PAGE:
BATON ROUGE, La. — New Orleans’ two public hospitals should be torn down because the damage inflicted by Hurricane Katrina has left them “dangerous, dangerous places,” the head of Louisiana’s charity hospital system said Wednesday.
Charity and University hospitals “were issued their death warrant by Katrina and the cataclysmic floods it spawned,” Donald R. Smithburg told the Louisiana State University Board of Supervisors.
“Even before the storms, these old facilities were on the ropes,” he said, noting that Charity was built in the 1930s and University in the 1960s.
LSU officials had been pushing to replace the outdated facilities before the hurricanes hit. Two weeks ago, they went to Washington to plead their case for federal money to build new facilities.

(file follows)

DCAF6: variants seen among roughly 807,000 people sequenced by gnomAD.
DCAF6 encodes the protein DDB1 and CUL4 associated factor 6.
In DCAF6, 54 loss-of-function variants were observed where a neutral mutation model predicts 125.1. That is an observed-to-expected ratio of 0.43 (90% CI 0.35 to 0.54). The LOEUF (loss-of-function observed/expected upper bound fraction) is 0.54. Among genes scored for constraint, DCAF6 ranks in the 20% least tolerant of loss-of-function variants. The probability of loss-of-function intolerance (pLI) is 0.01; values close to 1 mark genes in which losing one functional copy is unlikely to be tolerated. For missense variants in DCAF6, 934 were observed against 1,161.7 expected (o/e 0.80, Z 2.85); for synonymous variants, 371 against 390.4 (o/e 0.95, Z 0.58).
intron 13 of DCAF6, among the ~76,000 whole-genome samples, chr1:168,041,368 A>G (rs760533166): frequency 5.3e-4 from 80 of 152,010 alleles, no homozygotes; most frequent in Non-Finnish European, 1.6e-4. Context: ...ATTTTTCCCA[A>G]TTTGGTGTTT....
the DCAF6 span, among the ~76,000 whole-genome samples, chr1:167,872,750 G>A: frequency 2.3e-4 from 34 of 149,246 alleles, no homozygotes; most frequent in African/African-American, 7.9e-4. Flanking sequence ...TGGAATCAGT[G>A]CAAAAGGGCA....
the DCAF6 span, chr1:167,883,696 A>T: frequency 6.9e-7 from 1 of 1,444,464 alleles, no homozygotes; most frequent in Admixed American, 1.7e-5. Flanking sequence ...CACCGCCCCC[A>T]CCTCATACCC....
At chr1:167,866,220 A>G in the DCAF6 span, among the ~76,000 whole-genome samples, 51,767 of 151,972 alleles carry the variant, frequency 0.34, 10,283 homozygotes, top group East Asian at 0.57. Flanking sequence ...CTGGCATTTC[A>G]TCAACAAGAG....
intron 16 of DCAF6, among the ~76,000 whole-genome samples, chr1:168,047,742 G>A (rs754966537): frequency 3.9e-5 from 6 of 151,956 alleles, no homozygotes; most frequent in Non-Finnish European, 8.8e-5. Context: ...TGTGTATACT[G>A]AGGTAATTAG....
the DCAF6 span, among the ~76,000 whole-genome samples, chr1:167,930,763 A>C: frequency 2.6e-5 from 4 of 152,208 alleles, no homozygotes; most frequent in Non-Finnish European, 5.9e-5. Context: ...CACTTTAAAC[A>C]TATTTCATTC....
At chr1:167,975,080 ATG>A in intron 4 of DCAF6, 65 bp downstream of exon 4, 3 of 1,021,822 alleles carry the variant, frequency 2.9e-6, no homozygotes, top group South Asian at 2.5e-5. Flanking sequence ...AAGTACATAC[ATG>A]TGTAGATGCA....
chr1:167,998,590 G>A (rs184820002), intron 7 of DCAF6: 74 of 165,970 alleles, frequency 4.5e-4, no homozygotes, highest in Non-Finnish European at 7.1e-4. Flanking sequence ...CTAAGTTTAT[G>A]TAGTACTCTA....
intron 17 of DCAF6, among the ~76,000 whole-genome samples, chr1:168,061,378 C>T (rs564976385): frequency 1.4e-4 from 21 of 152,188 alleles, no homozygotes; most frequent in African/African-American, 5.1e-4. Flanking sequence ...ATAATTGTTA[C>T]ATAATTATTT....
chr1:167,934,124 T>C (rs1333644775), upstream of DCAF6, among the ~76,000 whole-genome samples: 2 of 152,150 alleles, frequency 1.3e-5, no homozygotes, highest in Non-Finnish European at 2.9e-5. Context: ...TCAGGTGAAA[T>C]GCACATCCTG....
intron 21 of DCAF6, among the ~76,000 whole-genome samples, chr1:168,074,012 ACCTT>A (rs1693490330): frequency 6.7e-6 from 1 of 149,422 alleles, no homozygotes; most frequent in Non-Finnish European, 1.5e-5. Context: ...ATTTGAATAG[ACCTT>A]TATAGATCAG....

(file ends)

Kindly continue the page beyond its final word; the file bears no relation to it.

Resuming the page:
Smithburg, chief executive of the Louisiana State University Health Care Services Division, said floods and winds did more than $340 million in damage at Charity Hospital and $105 million at University Hospital.
“The buildings have unsafe air to breathe, pervasive mold growing, and mechanical systems that were completely destroyed by the storm,” Smithburg said.
The two hospitals treated more than 500,000 patients a year.
Charity is also among hospitals being investigated by the state attorney general because patients died there during the storm. At least 140 elderly patients in New Orleans nursing homes and hospitals died during Katrina or its aftermath.
The attorney general is looking into whether six hospitals and 13 nursing homes mishandled evacuations of patients, abandoned them during Katrina or put them to death to spare them further pain.
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